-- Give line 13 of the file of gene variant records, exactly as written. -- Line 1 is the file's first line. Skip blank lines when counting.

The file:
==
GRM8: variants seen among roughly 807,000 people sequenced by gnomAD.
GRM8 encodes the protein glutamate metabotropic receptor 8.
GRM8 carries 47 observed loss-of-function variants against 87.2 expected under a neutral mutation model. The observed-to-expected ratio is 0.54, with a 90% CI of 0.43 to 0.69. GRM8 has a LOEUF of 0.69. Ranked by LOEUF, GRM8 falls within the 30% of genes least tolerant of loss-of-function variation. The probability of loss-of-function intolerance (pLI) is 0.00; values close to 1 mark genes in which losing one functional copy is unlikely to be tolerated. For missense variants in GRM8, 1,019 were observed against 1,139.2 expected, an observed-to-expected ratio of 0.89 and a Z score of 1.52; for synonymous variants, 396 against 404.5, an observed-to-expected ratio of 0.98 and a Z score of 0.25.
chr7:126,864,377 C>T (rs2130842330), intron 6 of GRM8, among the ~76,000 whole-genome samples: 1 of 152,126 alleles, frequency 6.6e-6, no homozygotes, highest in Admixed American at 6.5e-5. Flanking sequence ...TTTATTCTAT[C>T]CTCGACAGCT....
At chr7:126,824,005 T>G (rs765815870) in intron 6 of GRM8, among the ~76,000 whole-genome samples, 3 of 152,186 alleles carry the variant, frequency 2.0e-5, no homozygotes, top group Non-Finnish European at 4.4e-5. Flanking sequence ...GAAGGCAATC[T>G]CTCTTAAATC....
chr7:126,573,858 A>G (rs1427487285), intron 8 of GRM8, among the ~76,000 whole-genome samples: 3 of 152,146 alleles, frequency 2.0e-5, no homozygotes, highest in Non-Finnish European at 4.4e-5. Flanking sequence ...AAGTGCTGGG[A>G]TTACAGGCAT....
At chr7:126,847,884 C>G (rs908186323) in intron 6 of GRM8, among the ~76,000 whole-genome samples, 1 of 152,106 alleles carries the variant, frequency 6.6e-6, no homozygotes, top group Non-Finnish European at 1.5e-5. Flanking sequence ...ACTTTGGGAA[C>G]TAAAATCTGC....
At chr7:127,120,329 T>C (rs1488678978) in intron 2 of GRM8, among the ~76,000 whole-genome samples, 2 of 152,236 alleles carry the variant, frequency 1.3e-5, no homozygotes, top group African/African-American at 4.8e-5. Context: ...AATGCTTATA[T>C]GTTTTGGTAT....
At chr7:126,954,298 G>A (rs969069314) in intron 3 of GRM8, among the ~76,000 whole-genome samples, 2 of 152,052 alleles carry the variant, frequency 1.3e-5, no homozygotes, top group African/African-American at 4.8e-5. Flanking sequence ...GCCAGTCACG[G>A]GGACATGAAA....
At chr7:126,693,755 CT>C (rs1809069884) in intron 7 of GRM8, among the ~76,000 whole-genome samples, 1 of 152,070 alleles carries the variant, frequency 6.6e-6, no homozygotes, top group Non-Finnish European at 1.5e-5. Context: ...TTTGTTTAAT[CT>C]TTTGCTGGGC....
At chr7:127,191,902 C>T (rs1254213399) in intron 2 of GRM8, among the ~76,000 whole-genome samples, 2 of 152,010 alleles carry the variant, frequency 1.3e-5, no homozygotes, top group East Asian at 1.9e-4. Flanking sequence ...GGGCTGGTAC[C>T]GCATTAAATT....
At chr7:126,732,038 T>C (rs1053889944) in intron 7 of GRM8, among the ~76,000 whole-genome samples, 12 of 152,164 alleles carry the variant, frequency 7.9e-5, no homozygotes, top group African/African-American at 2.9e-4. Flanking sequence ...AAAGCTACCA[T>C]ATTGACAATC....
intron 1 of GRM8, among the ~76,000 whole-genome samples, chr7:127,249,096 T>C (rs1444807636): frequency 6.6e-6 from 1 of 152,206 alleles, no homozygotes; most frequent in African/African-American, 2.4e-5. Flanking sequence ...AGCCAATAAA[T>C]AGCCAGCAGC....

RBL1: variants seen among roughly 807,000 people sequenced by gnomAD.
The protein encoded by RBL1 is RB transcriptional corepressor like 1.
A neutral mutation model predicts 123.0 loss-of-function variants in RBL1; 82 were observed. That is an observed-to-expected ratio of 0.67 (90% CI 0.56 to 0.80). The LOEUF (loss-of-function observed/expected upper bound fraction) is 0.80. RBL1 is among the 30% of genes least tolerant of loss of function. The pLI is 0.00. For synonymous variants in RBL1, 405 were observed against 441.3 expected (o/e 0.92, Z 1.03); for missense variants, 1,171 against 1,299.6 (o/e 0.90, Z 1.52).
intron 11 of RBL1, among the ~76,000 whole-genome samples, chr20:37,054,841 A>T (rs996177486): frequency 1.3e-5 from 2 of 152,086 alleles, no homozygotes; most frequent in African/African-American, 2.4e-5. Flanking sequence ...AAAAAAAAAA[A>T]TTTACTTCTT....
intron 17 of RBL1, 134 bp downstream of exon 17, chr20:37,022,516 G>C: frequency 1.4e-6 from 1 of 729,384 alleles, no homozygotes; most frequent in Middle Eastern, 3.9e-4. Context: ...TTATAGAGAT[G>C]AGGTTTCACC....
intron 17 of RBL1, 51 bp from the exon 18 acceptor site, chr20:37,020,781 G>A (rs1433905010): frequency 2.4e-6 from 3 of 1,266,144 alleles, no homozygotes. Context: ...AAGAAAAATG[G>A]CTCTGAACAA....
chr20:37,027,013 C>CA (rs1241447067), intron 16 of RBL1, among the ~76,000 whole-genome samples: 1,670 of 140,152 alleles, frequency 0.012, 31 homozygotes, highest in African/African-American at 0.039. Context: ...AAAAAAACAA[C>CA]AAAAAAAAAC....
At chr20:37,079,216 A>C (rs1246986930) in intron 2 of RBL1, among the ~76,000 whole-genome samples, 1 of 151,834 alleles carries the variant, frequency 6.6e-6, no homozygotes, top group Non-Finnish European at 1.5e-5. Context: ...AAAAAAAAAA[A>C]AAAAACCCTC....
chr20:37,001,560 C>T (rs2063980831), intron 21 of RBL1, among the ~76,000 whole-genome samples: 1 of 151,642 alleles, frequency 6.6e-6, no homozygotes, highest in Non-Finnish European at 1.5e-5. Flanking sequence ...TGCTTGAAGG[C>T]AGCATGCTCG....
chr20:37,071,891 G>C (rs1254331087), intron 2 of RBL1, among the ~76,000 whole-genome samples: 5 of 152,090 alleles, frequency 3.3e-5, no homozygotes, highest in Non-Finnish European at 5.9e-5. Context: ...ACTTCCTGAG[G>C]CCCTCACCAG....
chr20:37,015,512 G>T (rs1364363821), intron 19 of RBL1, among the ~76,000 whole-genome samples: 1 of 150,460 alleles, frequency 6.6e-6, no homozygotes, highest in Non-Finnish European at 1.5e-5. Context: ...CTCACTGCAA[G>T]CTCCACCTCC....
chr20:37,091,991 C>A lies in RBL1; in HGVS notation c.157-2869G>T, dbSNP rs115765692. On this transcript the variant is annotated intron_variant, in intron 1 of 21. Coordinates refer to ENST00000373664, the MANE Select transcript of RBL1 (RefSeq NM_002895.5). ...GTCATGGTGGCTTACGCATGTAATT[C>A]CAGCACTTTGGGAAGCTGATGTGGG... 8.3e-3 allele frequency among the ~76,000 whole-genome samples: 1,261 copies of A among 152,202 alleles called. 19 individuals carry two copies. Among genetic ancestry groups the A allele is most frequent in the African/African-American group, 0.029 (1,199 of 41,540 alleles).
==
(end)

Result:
intron 1 of GRM8, among the ~76,000 whole-genome samples, chr7:127,249,096 T>C (rs1444807636): frequency 6.6e-6 from 1 of 152,206 alleles, no homozygotes; most frequent in African/African-American, 2.4e-5. Flanking sequence ...AGCCAATAAA[T>C]AGCCAGCAGC....